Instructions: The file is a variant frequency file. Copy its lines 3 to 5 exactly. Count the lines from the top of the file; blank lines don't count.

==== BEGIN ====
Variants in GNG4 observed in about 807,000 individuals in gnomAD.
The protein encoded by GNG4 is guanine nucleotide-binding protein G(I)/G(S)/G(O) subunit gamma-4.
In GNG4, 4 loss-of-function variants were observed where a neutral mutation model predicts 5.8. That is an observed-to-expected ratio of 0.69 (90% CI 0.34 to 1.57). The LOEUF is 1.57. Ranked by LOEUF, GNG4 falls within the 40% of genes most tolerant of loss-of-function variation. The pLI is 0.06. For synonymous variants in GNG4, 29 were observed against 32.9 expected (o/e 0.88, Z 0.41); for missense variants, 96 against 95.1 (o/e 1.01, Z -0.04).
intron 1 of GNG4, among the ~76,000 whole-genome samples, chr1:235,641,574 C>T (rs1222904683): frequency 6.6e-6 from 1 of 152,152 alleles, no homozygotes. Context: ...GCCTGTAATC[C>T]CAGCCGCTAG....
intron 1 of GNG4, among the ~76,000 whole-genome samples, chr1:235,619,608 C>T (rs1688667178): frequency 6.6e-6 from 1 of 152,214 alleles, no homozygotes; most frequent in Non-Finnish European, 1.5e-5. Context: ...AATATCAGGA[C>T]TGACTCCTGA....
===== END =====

In GNG4, 4 loss-of-function variants were observed where a neutral mutation model predicts 5.8. That is an observed-to-expected ratio of 0.69 (90% CI 0.34 to 1.57). The LOEUF is 1.57. Ranked by LOEUF, GNG4 falls within the 40% of genes most tolerant of loss-of-function variation. The pLI is 0.06. For synonymous variants in GNG4, 29 were observed against 32.9 expected (o/e 0.88, Z 0.41); for missense variants, 96 against 95.1 (o/e 1.01, Z -0.04).
intron 1 of GNG4, among the ~76,000 whole-genome samples, chr1:235,641,574 C>T (rs1222904683): frequency 6.6e-6 from 1 of 152,152 alleles, no homozygotes. Context: ...GCCTGTAATC[C>T]CAGCCGCTAG....
intron 1 of GNG4, among the ~76,000 whole-genome samples, chr1:235,619,608 C>T (rs1688667178): frequency 6.6e-6 from 1 of 152,214 alleles, no homozygotes; most frequent in Non-Finnish European, 1.5e-5. Context: ...AATATCAGGA[C>T]TGACTCCTGA....